Device-specific Multicentre Registries
The creation of several device-specific multicentre registries for the treatment of high-risk patients followed the publication of these observational studies. The purpose of most of these registries was to either obtain US Food and Drug Administration (FDA) or CE device approval, or to fulfil FDA requirements for post-marketing approval. Results were compared with a historical CEA control group.
Given the unclear role of CAS in low-risk patients, in most of the registries low-risk patients are excluded. To date, the results of several registries have been published or presented. Without detailed description of the various specific trials and devices, taking the available data – from the Acculink for Revascularization of Carotids in High-risk Patients (ARCHeR),23 Boston Scientific EPI: A Carotid Stent for High-risk Surgical Patients (BEACH),24 Carotid Revascularization with ev3 Arterial Technology Evolution (CREATE),25 Evaluation of the Medtronic AVE Self-exanding Carotid Stent System with Distal Protection in the Treatment of Carotid Stenosis (MAVeRIC), Carotid Artery Revascularization using Boston Scientific EPI Filterwire EX/EZ and the EndoTex NexSTent (CABERNET)26 and Carotid Rx Acculink/Accunet Post Approval Trial to Uncover Unanticipated or Rare Events (CAPTURE)27 registries – into account, the 30-day myocardial infarction, stroke or death rate generally ranges from 4 to 8%. Once again, in the above registries the procedural success rate is well above 95%. Based on the registry data, it is reasonable to state that the results are similar to those achieved with historical CEA trials.
Randomised Trials Comparing Carotid Artery Stenting with Carotid Endarterectomy
Early randomised trials were not completed due to an unacceptably high procedure-related risk. The first randomised trial (Leicester trial)28 of carotid stenting in symptomatic patients without distal protection was stopped after recruitment of only 17 patients (planned recruitment was 300 patients). This was due to the occurrence of strokes in five of the 11 patients randomised to carotid angioplasty. The percutaneous procedures were performed without prior aortic arch imaging and with single antiplatelet therapy, despite the widespread use of dual antiplatelet therapy in most centres at the time. Moreover, the operator had performed only eight prior carotid procedures, the majority outside an experienced unit. This was followed by the Wallstent trial (published as an abstract only in 2001),29 which randomised symptomatic patients with a high-grade (>60%) carotid stenosis to CEA versus CAS without distal embolic protection. After recruitment of 219 out of the intended 700 patients, the trial was stopped due to a high one-year event rate (ipsilateral stroke, procedure-related or vascular death of 12.1% in the CAS arm versus 3.6% in the CEA arm).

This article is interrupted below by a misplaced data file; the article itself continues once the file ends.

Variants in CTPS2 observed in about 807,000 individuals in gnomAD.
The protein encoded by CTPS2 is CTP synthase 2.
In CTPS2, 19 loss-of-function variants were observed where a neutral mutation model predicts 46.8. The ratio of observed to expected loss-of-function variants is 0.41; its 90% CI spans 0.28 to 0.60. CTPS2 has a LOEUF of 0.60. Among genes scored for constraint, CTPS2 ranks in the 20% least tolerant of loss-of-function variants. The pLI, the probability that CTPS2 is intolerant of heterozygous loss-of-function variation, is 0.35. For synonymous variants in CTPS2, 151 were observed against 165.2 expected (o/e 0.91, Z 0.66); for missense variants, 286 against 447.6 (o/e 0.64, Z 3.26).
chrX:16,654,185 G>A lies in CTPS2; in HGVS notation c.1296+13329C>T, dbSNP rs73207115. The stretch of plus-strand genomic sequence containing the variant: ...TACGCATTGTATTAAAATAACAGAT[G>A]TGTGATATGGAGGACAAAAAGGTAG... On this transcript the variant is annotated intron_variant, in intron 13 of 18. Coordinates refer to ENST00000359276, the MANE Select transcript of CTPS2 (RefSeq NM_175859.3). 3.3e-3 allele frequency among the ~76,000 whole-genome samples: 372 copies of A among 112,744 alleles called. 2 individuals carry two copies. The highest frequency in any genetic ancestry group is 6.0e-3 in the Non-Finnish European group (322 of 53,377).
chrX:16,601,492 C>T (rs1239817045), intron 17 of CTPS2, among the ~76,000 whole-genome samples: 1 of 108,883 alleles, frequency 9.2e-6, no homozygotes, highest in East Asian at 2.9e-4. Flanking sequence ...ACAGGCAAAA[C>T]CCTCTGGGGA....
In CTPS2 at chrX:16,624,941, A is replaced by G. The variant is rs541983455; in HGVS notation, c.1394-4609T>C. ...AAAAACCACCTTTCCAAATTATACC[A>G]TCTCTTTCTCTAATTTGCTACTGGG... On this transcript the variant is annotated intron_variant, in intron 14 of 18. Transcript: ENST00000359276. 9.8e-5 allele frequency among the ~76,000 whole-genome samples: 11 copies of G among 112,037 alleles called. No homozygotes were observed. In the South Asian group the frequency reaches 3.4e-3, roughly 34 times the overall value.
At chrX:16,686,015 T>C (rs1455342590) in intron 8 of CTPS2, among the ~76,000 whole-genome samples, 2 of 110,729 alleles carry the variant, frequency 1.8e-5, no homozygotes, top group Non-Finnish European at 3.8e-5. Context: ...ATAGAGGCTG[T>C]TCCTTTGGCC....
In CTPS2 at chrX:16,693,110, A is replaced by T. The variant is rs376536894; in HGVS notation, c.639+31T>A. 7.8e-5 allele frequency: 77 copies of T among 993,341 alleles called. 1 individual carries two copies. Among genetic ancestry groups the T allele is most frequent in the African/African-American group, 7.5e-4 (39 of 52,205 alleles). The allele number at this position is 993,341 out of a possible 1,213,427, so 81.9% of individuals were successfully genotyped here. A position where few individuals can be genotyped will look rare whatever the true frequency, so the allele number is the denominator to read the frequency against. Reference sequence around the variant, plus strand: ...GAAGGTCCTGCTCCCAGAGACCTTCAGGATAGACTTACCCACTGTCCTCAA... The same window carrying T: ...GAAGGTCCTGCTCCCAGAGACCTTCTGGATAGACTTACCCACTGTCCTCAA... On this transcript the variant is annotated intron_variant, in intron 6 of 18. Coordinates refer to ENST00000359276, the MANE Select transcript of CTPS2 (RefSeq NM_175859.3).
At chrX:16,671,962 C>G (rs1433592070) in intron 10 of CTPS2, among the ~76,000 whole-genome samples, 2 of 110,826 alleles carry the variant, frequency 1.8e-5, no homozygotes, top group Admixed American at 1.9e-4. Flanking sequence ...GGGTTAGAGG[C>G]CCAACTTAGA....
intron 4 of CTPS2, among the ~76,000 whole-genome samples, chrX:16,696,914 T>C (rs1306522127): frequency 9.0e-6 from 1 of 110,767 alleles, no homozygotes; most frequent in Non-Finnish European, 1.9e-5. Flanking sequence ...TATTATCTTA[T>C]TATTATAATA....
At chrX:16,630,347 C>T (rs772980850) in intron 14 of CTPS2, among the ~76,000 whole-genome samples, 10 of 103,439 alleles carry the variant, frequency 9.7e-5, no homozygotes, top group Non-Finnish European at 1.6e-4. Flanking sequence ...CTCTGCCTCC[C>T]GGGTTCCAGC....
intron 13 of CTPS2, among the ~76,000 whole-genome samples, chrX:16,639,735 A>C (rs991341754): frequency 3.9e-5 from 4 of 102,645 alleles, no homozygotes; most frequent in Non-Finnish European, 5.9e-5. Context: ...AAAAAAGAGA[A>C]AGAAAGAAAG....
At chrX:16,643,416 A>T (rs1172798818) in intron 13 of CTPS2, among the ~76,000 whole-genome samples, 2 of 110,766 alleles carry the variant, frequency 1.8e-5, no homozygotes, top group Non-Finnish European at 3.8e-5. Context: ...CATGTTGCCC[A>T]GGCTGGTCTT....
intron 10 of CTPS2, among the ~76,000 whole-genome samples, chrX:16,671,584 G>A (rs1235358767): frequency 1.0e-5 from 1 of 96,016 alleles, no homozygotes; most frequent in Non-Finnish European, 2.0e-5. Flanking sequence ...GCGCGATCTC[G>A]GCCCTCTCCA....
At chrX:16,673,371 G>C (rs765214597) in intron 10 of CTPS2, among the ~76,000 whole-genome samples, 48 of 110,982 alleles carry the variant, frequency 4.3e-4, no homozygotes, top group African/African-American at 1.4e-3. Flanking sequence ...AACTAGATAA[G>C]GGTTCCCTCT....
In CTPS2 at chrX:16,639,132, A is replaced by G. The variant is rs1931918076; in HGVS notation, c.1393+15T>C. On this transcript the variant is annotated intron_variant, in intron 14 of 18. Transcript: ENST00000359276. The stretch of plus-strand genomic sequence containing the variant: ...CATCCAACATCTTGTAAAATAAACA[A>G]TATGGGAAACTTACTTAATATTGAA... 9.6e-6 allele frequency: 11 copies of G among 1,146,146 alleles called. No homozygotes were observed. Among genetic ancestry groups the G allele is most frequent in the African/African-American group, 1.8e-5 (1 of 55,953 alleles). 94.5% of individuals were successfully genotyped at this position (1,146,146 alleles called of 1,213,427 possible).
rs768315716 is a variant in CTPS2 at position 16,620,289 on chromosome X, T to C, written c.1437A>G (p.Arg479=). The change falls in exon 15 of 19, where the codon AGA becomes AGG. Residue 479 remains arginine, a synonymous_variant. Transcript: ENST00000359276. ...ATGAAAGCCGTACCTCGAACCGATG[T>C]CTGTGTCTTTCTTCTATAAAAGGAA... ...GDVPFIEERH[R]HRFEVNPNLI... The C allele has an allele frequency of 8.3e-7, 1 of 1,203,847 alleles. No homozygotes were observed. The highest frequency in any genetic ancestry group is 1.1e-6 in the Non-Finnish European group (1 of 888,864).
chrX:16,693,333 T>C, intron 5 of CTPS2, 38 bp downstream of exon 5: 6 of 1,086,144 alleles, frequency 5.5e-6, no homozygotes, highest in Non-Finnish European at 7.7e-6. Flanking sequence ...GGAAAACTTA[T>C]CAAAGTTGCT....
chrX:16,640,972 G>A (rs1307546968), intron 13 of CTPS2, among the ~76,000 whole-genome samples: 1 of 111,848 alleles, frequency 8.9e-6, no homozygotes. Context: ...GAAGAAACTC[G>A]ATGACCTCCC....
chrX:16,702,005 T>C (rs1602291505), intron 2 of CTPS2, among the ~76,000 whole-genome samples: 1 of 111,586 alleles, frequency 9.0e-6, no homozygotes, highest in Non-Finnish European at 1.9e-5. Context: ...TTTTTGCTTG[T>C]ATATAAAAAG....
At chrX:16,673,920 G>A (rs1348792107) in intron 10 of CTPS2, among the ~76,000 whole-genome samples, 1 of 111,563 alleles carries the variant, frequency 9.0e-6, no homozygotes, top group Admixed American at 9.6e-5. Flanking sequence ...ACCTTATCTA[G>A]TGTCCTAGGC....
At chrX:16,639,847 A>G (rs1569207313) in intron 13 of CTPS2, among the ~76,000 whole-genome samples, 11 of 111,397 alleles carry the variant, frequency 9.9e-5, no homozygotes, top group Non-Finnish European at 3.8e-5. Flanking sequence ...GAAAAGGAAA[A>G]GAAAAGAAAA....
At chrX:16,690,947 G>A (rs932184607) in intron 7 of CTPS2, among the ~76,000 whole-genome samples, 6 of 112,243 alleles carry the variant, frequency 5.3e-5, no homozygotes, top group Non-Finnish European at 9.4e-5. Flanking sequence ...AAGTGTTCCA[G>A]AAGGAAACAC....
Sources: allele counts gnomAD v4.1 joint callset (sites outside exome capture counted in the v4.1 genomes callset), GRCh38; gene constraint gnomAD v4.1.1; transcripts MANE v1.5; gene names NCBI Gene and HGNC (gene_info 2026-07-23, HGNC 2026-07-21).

These rather disappointing trials were followed by the first completed randomised multicentre Carotid and Vertebral Artery Transluminal Angioplasty Study (CAVATAS) trial published in 2001.30 Five hundred and four patients with symptomatic carotid stenosis and relatively low risk were randomised to percutaneous intervention without embolic protection (conducted before the advent of neuroprotection devices) versus CEA. The majority (74%) of patients were treated with balloon angioplasty as dedicated carotid stents were only available towards the completion of the trial. The event rate at 30 days (any stroke or death) did not differ significantly from the surgical group (10 versus 9.9%). Further, it remained comparable after three years of follow-up (no significant difference in ipsilateral stroke rates). However, it was higher than expected in the surgical group compared with results in the previous surgical trials (NASCET,6 ECST7). The authors hypothesised that the trial included patients at somewhat higher risk than those in NASCET and ECST. Importantly, the results are to be interpreted with caution due to the high confidence intervals. It is noteworthy that restenosis was higher in the endovascular group (14 versus 4%) and that the occurrence of haematomas and cranial nerve palsies were, as expected, higher in the surgical group. A particular strength of the trial was the independent neurological review that, up to this point, had not consistently been performed in the available registries and non-randomised studies. Despite the above-described limitations, the publication of the CAVATAS data fostered enthusiasm for carotid stenting and the performance of more trials. In the same year, the results of the smaller single-centre Kentucky trial randomising patients with symptomatic carotid stenosis to CAS versus CEA were published.31 In this trial, 104 patients were randomised; stents were used in all patients but distal protection in none. The peri-procedural risk in both groups was exceedingly low (one patient died in the CEA group, related to a myocardial infarction immediately following the surgery, otherwise there were no procedure-related strokes or deaths in either group).